Wednesday, March 28, 2012

The best part about Vancouver

When in Vancouver back in June/July we stayed in a cute apartment a bit out of the city. Vancouver was rated the top quality of life city last year and housing costs rate accordingly. This apartment was $67/night, extremely high as far as rents for a studio go. It was in the middle of a hill. A view like this one:

 vancouver view 

was at the bottom of the hill and a grocery store with the most wonderfully high quality produce at the top. Vancouver is a total foodie city, especially if you like Asian food. In addition, it’s very green. Jacob took me to a vegan restaurant called Gorilla Food (pictured below). In comparison, I have to say that Mexico City is actually not vegetarian friendly overall, despite the fact that it’s very easy to make vegetarian Mexican food by substituting meat with beans or cheese. People in D.F. LOVE their carne!

gorilla food

At the travel bloggers conference we attended in Vancouver, we received free tickets to a food convention going on in the same building. It was soooo amazing—thousands of vendors showcasing the latest in kitchenware and with plenty of tasty tidbits to try. Well, we went for broke and bought the Bamix 391200 Hand Mixer DeLuxe White v. It’s a blender that can chop and grind and with the right add ons, even grate cheese and slice potatoes. We use it daily, and although we were assured it is dual voltage it is not, so we bought a big clunking converter that weighs 15 pounds. We don’t need to use the converter here in Mexico.


It was in Vancouver that I started cooking up a storm, and I realized something. It’s funny: I denied myself the pleasure of cooking for my husband because of very strong opinions I have about gender roles and men who don’t help out in the kitchen. Jacob did most of the cooking during our dating life and early marriage. But, there’s something very fulfilling and enjoyable to make food for your husband,  and I relished the opportunity, for what was almost the first time, to cook nightly for Jacob while watching Office episodes. I made a lot of fish—an ingredient Jacob and I can agree on. In those 3 weeks or so, I discovered that the freshness of the produce along with the right blend of spices really can be what makes a dish. I’m told that the freshness of the spice is actually the ultimate flavor enhancer—instead, I’ve opted to carry around in our luggage bags of spices because I never know in a certain destination if they’ll have the spice I want and that would be annoying.

Anyway here in Mexico I’ve decided enough with the variety, I need several dishes and websites I KNOW and can count on in the event I want to have people over. I’m used to trying out new things all the time, but I am ready to have some tried-and-true dinners. What are your resources/favorite dishes for guests? I like allrecipes because it has so many reviewers you can start to tell the good recipes from the bad, but I’d like to know what has worked for other, more experienced cooks. I’ve been using the crockpot here in Mexico just about every night. The produce in Mexico City has not been the freshest, and fish certainly isn’t its forte, but between the Bodega Aurrera (corner grocery), the 7/11, the local market, and Walmart, I’ve been able to get just about anything I could want living downtown in what has been ranked the second biggest city in the world, which isn’t too shabby. I just have to go every couple of days, because I can only bring home what I can carry in my backpack. I guess that is the only time I would prefer having a car. Then again, I could always load up a taxi.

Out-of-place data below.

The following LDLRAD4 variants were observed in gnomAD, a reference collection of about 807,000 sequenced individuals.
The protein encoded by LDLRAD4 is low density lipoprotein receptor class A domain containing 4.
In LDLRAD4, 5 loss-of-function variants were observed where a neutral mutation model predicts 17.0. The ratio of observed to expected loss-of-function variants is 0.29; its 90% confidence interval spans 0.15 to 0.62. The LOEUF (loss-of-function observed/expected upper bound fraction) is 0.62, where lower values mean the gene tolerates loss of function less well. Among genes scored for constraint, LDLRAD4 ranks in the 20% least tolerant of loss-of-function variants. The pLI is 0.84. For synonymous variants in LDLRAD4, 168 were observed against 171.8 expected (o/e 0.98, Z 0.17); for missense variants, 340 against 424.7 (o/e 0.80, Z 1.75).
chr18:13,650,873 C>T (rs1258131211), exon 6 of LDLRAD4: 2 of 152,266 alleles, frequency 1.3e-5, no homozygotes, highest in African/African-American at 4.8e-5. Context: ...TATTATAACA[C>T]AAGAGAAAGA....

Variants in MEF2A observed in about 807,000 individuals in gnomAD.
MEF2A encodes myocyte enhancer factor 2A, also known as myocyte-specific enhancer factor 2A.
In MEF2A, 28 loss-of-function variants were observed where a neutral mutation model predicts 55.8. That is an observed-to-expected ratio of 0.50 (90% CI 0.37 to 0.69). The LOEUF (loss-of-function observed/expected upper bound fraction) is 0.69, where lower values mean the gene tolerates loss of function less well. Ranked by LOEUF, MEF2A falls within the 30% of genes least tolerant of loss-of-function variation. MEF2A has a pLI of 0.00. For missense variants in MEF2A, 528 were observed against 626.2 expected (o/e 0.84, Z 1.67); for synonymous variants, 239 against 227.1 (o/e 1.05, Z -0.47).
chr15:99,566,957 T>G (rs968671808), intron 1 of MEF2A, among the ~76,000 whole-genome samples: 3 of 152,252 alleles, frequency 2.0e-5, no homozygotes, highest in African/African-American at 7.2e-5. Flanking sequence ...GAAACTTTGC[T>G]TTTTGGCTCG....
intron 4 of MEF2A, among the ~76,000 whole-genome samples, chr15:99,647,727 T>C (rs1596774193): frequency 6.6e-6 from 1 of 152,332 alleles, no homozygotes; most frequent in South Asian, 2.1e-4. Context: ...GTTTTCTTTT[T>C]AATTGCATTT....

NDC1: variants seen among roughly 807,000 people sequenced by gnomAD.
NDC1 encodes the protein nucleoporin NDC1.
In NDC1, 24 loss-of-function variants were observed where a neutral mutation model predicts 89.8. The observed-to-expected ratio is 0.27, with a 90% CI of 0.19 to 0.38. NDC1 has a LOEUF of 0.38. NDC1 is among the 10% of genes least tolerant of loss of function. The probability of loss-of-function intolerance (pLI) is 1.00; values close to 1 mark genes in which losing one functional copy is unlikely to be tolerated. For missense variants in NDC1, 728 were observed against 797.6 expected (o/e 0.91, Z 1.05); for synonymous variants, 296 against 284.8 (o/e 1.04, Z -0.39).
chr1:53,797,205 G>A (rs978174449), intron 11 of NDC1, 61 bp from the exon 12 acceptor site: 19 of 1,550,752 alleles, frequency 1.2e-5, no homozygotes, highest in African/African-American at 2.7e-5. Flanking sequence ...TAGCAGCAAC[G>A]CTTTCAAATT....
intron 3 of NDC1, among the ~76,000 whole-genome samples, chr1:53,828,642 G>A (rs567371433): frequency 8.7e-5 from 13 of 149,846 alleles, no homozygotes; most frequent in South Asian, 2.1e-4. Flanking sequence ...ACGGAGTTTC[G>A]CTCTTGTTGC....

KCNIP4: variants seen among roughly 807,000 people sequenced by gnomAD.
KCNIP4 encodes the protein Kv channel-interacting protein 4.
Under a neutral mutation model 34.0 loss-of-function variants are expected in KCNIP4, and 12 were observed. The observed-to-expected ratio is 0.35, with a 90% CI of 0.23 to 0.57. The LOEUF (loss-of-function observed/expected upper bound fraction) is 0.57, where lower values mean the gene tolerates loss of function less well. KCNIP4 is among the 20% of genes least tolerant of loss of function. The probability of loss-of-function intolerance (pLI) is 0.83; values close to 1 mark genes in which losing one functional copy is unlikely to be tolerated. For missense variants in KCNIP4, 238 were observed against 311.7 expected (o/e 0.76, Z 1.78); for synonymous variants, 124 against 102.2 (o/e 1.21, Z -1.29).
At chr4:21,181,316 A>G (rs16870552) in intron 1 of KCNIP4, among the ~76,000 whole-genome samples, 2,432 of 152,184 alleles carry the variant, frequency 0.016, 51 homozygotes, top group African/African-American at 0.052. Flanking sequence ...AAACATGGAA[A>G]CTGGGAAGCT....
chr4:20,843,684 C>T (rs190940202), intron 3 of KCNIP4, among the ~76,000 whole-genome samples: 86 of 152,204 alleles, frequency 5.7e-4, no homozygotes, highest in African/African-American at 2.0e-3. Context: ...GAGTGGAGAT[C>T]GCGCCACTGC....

Thursday, March 22, 2012

Viva Mexico! And a tribute to Value Place

We went to the Ballet Folklorico at Bellas Artes last night. First we went to a soup and salad place for dinner and I ordered a queso panela sandwich and they gave me a cheese sandwich with jam and lettuce on crumbly wheat bread. It didn’t taste nearly as good as it sounds. Despite sitting up in the Galeria in the opera house, the view was pretty good. It was 300 pesos per ticket. I had to laugh because the baby started kicking right at the end as the dancers started shouting “Viva Mexico!”

women with gunslasso


huge dancers


The baby is already a loyal Mexican and he is probably going to like Mexican music. If you believe that babies like the music they hear in the womb.

In other news, we were in an earthquake a few days ago. We woke up to looking out the window and seeing the building we live in swaying like a tree in the breeze. It’s a huge apartment complex made up of several towers with an empty courtyard in the middle of it. We hopped out of bed and almost ran out of the room in our underwear. Then we changed our minds, grabbed pants and jackets, and I grabbed two bananas (food is always on my mind.) Then we ran down all 8 flights of stairs in our bare feet. For some reason I wasn’t scared. I have since decided that it’s because we stay at Value Place in American Fork, Utah. Every single time we stay there, there is either a suicide, flood, or fire that involves calling ambulances and evacuating the building. It’s just par for the course. It’s gotten to the point where we just ignore the sirens going off, when we’re there. Turns out this time was nothing to worry about, either.

Thank you, Value Place, for helping me to keep my calm!

Monday, March 19, 2012

Third trimester begins


At the Mexico City anthropological museum in front of the Mayan calendar. I went with a couple ladies from Church.

As a follow up to my last couple of posts, I guess I should clarify that being pregnant is just about the most vulnerable I’ve ever been, which is a bit scary. Despite my best efforts, I can’t really control the outcome. That’s motherhood in a nutshell anyway, isn’t it? I could have an autistic baby, a mentally handicapped baby, a stillborn baby. I could freak out about my diet, sleep habits, toxins in my environment, and every odd change that goes on with my body. My first trimester was spent doing some of this. Especially as I wanted to doubt myself and our ability to continue our lifestyle which I love so much. And because I don’t know what it will be like to be a mom.